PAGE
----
(22)Nothing in this Recommendation prevents Member States from applying their constitutional provisions and other legislation and legal practices regarding free speech.
I. RECOMMEND that the Member States, in the interests of promoting
the development of the audiovisual and on-line
information services industry, take the necessary measures in their domestic law or practice to ensure better protection of minors and human dignity in all audiovisual and on-line information services,
safeguarding the exercise of a right of reply (or equivalent remedy), with due regard for their domestic and constitutional legislative provisions, and for the characteristics of each audiovisual and on-line information service,
in close cooperation with the industry and all relevant parties, ensuring better protection of minors, by:
continuing education of educators and teachers, in liaison with child protection associations, on how to use the Internet in the context of school education and on teaching methods for safe (secure) use which children must be taught,
introduction of specific Internet training aimed at children from a very early age, including sessions open to parents, so as to explain to children and parents how to use the Internet and how to avoid the pitfalls and dangers,
an integrated educational approach forming a permanent part of school curricula, and media literacy programmes, so as to maintain awareness of the dangers of the Internet, with particular regard to chat rooms and forums,
organisation of national information campaigns aimed at citizens, involving all communications media, to alert public opinion to the dangers of the Internet and the risk of criminal penalties (information about the possibility of brining complaints or activating parental control). Specific campaigns could be aimed at target groups such as schools, parents" associations, users, etc.,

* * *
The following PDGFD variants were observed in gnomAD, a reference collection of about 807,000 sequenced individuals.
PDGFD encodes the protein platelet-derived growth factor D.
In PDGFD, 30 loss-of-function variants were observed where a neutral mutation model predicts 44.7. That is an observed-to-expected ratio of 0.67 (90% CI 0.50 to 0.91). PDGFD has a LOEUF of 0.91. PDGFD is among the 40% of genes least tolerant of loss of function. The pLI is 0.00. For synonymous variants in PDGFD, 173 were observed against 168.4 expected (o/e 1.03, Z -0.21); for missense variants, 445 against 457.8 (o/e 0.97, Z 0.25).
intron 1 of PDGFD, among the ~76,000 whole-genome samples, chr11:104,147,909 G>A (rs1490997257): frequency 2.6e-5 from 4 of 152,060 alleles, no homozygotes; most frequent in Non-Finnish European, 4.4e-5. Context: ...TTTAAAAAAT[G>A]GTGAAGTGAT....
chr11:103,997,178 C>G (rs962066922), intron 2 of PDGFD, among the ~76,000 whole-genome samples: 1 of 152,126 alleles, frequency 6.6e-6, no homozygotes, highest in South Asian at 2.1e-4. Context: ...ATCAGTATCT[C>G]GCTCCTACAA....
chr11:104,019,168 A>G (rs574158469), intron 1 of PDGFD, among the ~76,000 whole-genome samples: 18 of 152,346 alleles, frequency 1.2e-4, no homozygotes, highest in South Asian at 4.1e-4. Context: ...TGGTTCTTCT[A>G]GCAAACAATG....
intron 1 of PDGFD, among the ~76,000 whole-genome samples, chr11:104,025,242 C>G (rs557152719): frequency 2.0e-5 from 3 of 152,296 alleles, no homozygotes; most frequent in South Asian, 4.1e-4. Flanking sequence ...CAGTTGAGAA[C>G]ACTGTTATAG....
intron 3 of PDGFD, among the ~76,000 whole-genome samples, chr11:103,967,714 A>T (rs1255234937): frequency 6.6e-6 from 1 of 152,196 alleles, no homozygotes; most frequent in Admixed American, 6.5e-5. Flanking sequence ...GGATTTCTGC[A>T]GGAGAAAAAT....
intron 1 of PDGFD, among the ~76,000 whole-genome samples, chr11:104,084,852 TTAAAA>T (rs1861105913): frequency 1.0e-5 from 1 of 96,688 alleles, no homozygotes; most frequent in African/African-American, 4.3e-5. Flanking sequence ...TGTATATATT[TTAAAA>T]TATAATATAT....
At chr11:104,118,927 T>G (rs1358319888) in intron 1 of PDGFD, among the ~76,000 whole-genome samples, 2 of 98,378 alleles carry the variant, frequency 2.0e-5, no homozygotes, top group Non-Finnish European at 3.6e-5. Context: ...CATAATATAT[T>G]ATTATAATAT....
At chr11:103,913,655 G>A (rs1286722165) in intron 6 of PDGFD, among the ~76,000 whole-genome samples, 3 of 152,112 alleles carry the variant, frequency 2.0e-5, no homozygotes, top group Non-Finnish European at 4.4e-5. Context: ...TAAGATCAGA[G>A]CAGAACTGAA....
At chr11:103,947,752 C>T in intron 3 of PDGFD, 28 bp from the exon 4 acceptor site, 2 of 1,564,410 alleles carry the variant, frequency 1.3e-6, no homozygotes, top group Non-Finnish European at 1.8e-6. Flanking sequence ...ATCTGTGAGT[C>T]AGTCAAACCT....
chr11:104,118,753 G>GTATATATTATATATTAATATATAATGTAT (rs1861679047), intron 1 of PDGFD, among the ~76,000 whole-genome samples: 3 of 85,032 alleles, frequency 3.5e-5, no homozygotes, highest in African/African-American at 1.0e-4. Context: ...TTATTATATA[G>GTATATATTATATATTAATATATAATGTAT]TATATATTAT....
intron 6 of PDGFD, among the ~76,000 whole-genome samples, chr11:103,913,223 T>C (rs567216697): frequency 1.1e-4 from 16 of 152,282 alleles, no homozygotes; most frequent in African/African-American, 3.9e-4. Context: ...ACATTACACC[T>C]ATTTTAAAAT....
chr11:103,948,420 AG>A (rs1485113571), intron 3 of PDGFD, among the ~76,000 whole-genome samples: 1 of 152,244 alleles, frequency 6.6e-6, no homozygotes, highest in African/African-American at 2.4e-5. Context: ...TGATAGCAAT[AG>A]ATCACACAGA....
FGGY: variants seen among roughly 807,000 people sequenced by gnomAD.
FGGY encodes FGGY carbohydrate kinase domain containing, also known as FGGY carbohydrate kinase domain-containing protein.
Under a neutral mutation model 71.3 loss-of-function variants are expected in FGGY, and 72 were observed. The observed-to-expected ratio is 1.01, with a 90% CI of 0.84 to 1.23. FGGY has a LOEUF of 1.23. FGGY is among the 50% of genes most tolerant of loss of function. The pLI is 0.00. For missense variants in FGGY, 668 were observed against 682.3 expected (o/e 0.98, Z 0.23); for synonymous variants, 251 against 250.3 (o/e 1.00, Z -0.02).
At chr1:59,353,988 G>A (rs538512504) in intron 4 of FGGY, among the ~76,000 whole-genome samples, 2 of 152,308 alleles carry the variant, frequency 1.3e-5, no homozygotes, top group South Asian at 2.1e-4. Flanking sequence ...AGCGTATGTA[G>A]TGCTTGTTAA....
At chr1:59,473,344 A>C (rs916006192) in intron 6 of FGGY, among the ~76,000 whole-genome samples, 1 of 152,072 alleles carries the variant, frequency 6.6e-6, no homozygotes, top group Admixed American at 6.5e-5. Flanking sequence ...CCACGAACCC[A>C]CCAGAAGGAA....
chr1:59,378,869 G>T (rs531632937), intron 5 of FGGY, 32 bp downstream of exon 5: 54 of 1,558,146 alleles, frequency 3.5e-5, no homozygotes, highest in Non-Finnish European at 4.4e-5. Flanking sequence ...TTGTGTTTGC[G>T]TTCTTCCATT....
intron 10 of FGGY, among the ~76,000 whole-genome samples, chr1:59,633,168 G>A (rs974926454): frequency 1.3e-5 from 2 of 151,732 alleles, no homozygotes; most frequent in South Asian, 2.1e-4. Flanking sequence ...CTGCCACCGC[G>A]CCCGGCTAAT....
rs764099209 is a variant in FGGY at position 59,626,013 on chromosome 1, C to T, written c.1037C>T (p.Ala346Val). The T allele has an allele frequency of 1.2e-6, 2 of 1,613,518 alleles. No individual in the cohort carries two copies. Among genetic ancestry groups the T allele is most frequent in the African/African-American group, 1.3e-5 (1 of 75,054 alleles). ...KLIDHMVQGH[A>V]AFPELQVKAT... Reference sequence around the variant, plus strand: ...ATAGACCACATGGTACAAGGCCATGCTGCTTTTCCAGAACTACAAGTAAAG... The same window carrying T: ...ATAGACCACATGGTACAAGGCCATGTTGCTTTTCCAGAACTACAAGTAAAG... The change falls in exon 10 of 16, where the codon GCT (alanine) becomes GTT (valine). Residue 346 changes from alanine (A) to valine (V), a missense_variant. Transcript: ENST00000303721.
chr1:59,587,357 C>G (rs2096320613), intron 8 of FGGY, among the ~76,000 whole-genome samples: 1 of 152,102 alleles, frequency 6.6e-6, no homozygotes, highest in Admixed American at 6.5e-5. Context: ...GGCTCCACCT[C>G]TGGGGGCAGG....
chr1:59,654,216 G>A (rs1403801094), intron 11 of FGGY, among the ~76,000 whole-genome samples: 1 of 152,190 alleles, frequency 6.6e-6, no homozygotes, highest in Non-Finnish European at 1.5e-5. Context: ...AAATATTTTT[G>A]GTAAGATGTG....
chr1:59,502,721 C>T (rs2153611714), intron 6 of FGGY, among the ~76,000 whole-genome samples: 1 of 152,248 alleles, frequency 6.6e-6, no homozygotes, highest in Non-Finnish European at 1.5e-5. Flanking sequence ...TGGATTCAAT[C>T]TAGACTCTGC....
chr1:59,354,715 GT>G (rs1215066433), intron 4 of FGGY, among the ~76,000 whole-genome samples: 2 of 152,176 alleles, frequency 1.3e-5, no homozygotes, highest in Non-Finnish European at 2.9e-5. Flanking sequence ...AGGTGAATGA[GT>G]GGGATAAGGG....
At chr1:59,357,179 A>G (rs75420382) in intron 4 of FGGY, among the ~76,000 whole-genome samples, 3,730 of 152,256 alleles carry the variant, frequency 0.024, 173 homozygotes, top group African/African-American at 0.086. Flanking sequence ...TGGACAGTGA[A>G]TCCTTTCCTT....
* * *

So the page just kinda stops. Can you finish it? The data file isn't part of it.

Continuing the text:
distribution of information packs on the dangers of the Internet ("How to surf the Internet safely", "how to filter unwanted messages") and on the use of hotlines to which reports or complaints concerning harmful or illegal sites can be made,
adequate measures to establish or improve the performance of telephone hotlines, so as to make it easier to lodge complaints about harmful sites and make it possible to report their existence,
action to allow one of the most serious offences against children's dignity, child pornography on the Internet, to be combated effectively,
publicity campaigns designed to condemn violence against minors and to help victims by offering psychological, moral and practical support,
promoting a responsible attitude on the part of professionals, intermediaries and users of new communication media such as the Internet by:
encouraging vigilance and the reporting of pages considered illegal, without prejudice to Directive 2000/31/EC,
drawing up a code of conduct in cooperation with professionals and regulatory authorities at national and European level,
encouraging the audiovisual and on-line information services
industry, without infringing freedom of opinion or of the press,
to avoid discrimination based on sex, racial or ethnic origin, religion or belief, disability, age or sexual orientation in all audiovisual and on-line information services,
and to combat such discrimination,
promoting measures to combat all illegal activity on the Internet and make the web a much more secure medium; consideration could be given inter alia to the following measures:
adopting a quality label for service providers, so that users can easily check whether or not a given provider subscribes to a code of conduct or not,
considering the inclusion in their legal systems of a system of joint or cascading liability for Internet crimes,